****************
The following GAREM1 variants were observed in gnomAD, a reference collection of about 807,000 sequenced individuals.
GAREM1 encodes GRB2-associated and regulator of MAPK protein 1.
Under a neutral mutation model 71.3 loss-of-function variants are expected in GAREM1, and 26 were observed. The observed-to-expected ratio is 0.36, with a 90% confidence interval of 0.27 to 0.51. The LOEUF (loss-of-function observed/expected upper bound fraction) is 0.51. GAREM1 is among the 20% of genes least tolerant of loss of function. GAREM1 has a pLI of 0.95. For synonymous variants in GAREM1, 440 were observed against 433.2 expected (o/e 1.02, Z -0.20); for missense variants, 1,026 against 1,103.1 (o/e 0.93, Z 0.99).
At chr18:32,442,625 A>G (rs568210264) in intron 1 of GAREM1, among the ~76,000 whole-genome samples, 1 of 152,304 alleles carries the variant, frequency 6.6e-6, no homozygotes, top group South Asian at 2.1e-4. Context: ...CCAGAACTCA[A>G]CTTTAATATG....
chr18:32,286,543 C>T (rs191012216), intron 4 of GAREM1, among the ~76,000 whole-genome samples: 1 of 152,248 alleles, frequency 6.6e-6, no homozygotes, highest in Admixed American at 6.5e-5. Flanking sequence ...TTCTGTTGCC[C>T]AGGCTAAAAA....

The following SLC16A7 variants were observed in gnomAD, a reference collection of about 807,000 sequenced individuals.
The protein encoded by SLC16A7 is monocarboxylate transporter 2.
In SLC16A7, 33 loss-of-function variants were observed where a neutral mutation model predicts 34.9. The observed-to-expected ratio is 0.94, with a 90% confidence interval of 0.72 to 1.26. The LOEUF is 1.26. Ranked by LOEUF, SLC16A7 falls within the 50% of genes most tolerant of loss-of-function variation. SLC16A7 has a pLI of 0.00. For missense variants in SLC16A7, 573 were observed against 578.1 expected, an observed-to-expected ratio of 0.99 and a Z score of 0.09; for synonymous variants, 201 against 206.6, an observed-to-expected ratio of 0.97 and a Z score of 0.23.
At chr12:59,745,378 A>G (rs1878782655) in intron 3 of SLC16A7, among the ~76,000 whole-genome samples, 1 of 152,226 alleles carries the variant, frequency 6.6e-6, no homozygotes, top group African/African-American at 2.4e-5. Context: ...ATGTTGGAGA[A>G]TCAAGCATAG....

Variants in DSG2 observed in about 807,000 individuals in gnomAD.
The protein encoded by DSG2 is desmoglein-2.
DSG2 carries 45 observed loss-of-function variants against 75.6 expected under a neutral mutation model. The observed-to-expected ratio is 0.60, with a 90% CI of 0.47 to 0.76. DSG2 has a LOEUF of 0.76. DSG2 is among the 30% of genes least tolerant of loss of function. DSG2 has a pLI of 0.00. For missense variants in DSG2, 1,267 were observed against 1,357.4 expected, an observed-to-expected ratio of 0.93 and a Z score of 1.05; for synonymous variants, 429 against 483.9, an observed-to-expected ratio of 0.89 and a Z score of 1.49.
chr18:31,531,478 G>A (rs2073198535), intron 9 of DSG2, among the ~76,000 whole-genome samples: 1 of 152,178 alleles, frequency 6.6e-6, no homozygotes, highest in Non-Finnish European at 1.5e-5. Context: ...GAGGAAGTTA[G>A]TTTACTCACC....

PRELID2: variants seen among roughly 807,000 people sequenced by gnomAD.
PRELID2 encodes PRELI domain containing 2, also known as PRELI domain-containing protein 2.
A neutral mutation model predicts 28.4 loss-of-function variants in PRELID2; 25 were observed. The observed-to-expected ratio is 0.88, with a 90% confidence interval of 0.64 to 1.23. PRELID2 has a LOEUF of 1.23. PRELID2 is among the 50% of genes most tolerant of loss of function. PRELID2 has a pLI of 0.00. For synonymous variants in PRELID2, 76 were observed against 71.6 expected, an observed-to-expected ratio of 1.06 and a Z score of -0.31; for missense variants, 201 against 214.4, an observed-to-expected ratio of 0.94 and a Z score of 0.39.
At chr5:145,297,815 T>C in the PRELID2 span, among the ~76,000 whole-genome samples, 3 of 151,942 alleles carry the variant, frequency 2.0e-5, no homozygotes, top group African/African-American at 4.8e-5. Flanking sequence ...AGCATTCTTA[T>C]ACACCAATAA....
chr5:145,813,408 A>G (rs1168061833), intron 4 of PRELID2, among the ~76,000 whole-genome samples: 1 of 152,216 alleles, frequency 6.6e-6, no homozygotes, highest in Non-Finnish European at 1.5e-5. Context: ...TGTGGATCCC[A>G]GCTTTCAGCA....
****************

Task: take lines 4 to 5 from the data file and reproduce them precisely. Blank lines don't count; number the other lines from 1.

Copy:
At chr18:32,442,625 A>G (rs568210264) in intron 1 of GAREM1, among the ~76,000 whole-genome samples, 1 of 152,304 alleles carries the variant, frequency 6.6e-6, no homozygotes, top group South Asian at 2.1e-4. Context: ...CCAGAACTCA[A>G]CTTTAATATG....
chr18:32,286,543 C>T (rs191012216), intron 4 of GAREM1, among the ~76,000 whole-genome samples: 1 of 152,248 alleles, frequency 6.6e-6, no homozygotes, highest in Admixed American at 6.5e-5. Flanking sequence ...TTCTGTTGCC[C>T]AGGCTAAAAA....